Perhaps no other member of Congress has been willing to try to stop a war, impeach a vice president, admit seeing a UFO and run for president twice.
But Democratic Rep. Dennis J. Kucinich of Ohio has been the political left’s patron saint of lost causes. Now he faces perhaps his toughest crusade: finding his next job.
Kucinich, 65, lost a nasty primary Tuesday that pitted him against a onetime ally, Rep. Marcy Kaptur. Redistricting by the state Legislature all but eliminated Kucinich’s home turf. Even star-studded help — campaign contributions from actor Warren Beatty and a daylong flurry of Twitter shout-outs from hip-hop legend Russell Simmons — couldn’t save Kucinich.
Now the congressman, hailed as an icon of the left and a champion of the downtrodden, is a politician without a populace.
“Congress will be a weaker place without his voice,” said Sen. Bernie Sanders, a Vermont independent who has known Kucinich for decades. “There is no question Dennis Kucinich has been a unique voice fighting for issues most other politicians would not go near.”
The small and hyperkinetic congressman returned to the Capitol on Wednesday to handshakes and slaps on the back, and spent the afternoon casting votes. He said he had no Plan B after his defeat, even though he had at one point scouted out running for the House from Washington state, in case his district was eliminated.
“I’m totally at peace and have a sense of equanimity about it,” Kucinich said in an interview, then paraphrased advice Merlin reputedly gave King Arthur after a tough match:
“The trick is whether you can triumph over victory as well as defeat,” Kucinich said. “I’ve tried to see both victory and defeat as impostors and not to be too moved by either of them, and know that each brings new opportunities and new possibilities.”
The eight-term congressman could sometimes draw snickers from those who viewed his passions — which included efforts to try to stop the Iraq war and impeach President George W. Bush and Vice President Dick Cheney, as well as his vegan diet — as throwbacks to an earlier era.
He and his wife, Elizabeth, who were married in 2005, adopted three rescue dogs, and his campaign boasts that Kucinich cosponsored “every piece of major animal protection legislation” in Congress.
But Kucinich has earned a place of honor among the political left because of his unwavering determination to speak his mind, even when it made those in his party uncomfortable.
Kucinich, elected to the Cleveland City Council at age 23, had a rough-and-tumble childhood, one that encouraged him to fight for the working class and downtrodden. His family, headed by a truck driver, had trouble paying the bills. He lived in 21 places before he was 18, including a car.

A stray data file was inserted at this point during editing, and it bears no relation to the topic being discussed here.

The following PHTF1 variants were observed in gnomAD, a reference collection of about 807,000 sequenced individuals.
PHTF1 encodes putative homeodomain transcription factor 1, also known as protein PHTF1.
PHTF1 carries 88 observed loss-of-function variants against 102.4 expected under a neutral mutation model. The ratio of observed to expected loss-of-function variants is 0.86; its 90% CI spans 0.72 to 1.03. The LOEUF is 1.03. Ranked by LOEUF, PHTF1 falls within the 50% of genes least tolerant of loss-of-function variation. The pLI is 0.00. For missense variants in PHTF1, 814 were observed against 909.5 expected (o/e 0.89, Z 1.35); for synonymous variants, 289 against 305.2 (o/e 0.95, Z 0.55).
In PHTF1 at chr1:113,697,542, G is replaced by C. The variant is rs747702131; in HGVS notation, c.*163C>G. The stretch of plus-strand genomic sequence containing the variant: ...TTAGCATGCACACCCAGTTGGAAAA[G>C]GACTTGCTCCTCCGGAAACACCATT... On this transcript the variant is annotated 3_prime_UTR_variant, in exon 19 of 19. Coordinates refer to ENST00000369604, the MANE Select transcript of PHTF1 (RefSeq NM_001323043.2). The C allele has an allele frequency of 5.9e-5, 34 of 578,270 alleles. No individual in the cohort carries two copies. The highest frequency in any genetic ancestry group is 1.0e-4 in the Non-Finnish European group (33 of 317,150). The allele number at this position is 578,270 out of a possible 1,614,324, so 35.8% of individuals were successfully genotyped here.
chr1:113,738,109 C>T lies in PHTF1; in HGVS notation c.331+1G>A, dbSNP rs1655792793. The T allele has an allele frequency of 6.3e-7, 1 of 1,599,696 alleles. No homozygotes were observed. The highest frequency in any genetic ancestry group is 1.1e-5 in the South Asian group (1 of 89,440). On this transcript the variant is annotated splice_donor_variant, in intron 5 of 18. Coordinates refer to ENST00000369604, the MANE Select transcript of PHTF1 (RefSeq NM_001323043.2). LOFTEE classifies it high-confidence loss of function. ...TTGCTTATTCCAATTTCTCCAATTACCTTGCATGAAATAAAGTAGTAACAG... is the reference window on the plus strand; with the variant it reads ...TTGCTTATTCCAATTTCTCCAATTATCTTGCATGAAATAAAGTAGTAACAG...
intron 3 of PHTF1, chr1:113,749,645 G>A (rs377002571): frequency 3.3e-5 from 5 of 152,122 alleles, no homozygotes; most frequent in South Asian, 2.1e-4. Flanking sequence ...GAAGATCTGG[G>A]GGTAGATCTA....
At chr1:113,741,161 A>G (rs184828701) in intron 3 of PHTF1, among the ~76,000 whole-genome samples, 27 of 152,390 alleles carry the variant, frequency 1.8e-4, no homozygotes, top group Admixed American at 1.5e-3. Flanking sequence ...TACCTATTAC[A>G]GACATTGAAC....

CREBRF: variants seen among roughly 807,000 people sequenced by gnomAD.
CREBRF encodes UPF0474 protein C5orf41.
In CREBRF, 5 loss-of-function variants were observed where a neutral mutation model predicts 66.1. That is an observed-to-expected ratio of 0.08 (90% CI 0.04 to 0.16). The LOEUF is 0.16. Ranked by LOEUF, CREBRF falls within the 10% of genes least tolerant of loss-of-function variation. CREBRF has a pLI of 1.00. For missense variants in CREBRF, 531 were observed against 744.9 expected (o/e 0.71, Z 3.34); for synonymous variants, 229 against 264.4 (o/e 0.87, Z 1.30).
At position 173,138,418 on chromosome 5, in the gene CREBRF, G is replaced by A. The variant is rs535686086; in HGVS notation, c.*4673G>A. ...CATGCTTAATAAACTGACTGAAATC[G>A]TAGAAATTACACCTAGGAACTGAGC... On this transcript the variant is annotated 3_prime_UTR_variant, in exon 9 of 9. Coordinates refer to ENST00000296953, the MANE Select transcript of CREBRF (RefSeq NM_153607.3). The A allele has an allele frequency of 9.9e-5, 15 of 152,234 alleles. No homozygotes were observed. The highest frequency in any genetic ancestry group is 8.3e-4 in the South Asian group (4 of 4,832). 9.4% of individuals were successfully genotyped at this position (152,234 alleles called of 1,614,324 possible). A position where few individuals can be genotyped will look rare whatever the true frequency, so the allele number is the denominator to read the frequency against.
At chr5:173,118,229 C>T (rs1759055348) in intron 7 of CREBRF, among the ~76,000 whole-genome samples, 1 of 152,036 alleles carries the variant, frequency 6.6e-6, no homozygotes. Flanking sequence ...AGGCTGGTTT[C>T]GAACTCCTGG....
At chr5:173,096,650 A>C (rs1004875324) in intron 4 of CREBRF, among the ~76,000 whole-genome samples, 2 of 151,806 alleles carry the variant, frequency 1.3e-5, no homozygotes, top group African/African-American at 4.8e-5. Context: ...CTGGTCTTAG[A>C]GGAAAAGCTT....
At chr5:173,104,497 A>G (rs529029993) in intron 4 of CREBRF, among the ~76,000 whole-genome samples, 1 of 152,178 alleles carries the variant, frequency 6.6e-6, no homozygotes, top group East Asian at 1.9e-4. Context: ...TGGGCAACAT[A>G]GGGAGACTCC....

He bounced around in jobs as a hospital orderly and teacher before entering politics. By 31, he was the nation’s youngest big-city mayor. On his watch, Cleveland went bankrupt after he refused to sell the public-owned utility to private interests and the banks pulled the city’s credit. But his stance became popular with voters in later years.
After being elected to Congress in 1996, Kucinich began to position himself on the far left wing. He spoke against the war in Iraq 140 times, his campaign said.
His congressional colleagues said they couldn’t imagine the House without Kucinich.
“It’s going to be very boring,” said Ohio Rep. Steven C. LaTourette, a Republican, who once rode a bicycle built for two with Kucinich on “The Tonight Show.”
“He was able to be very critical without being angry,” said Rep. Barney Frank (D-Mass.), who is stepping down after this term. “Dennis was not a crank. He was a critic of the status quo, he was outside of it, but in a civil way.”
On the other side of the aisle, Republican Rep. Jean Schmidt of Ohio also lost her seat in Tuesday’s primary after being forced to run in a redrawn district. That created an opening for newcomer Brad Wenstrup, a conservative Army reservist who ran to Schmidt’s right.
Some suggested Kucinich’s national profile might have hurt him back home. After he mulled over running for Congress from Washington state, Kaptur likened him to basketball star LeBron James, who infamously ditched the Cleveland Cavaliers for the Miami Heat.
“Try this one: The other side of the coin that all politics is local is that all politics are national,” Kucinich rejoined Wednesday, noting that the sliver that remained of his old district had voted for him overwhelmingly. “I approach my work in Washington from a decidedly different point of view.”